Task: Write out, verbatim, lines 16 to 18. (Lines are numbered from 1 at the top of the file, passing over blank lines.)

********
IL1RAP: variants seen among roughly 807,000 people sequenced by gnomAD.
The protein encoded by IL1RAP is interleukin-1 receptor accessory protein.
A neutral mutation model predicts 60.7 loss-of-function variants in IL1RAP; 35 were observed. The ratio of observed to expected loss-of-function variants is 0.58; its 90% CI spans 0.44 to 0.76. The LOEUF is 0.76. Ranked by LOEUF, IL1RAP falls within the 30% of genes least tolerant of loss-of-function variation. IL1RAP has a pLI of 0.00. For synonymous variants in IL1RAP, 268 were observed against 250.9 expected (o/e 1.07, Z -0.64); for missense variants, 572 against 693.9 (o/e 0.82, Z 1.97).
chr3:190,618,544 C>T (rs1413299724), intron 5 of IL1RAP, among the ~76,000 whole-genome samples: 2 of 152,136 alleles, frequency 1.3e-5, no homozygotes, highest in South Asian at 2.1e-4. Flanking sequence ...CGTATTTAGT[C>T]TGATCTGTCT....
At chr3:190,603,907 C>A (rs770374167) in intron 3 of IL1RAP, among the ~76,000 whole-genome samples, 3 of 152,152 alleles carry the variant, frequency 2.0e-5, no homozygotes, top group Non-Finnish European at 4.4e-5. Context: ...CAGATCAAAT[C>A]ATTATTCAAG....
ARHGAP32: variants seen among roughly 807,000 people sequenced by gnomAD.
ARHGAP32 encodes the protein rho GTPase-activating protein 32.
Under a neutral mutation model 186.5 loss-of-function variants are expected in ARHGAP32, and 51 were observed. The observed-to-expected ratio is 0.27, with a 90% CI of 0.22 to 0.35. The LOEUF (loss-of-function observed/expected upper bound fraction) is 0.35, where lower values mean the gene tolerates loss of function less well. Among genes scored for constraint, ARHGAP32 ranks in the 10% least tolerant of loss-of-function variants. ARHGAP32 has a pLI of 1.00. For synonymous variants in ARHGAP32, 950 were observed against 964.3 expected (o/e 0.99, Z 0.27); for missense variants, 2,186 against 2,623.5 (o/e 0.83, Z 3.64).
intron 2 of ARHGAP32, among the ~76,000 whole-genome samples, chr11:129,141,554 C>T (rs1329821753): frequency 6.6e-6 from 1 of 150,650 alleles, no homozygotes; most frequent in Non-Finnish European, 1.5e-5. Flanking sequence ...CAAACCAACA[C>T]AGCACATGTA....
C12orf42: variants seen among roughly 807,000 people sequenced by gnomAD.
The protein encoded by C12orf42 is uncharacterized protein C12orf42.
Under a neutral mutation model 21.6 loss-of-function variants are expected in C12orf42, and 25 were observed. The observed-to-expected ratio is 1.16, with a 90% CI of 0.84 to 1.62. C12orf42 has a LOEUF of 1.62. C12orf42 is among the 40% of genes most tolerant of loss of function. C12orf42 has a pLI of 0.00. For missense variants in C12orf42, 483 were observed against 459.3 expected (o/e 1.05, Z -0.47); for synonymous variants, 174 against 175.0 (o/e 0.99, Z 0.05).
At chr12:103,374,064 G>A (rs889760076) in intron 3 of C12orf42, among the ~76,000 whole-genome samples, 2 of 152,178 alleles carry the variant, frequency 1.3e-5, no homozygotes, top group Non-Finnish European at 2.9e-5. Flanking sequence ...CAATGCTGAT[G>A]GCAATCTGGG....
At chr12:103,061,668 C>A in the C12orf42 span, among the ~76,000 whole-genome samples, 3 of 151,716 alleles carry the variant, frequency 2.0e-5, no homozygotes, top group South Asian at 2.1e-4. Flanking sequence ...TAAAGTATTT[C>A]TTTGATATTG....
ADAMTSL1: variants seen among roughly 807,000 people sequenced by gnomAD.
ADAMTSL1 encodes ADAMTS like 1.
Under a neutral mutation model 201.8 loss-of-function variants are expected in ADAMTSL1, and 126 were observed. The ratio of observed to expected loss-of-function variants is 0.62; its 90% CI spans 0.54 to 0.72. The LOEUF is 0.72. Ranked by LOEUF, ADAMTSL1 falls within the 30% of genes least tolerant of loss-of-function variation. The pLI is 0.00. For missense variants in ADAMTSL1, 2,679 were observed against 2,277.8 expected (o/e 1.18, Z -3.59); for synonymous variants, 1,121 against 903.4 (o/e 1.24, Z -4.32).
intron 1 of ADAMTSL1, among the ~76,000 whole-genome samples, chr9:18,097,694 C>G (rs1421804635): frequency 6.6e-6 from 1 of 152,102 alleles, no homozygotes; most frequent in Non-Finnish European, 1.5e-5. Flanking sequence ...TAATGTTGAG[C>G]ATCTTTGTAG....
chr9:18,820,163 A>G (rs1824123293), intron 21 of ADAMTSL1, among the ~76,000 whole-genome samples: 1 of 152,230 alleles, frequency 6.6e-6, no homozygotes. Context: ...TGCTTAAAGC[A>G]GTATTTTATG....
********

ADAMTSL1 encodes ADAMTS like 1.
Under a neutral mutation model 201.8 loss-of-function variants are expected in ADAMTSL1, and 126 were observed. The ratio of observed to expected loss-of-function variants is 0.62; its 90% CI spans 0.54 to 0.72. The LOEUF is 0.72. Ranked by LOEUF, ADAMTSL1 falls within the 30% of genes least tolerant of loss-of-function variation. The pLI is 0.00. For missense variants in ADAMTSL1, 2,679 were observed against 2,277.8 expected (o/e 1.18, Z -3.59); for synonymous variants, 1,121 against 903.4 (o/e 1.24, Z -4.32).
intron 1 of ADAMTSL1, among the ~76,000 whole-genome samples, chr9:18,097,694 C>G (rs1421804635): frequency 6.6e-6 from 1 of 152,102 alleles, no homozygotes; most frequent in Non-Finnish European, 1.5e-5. Flanking sequence ...TAATGTTGAG[C>G]ATCTTTGTAG....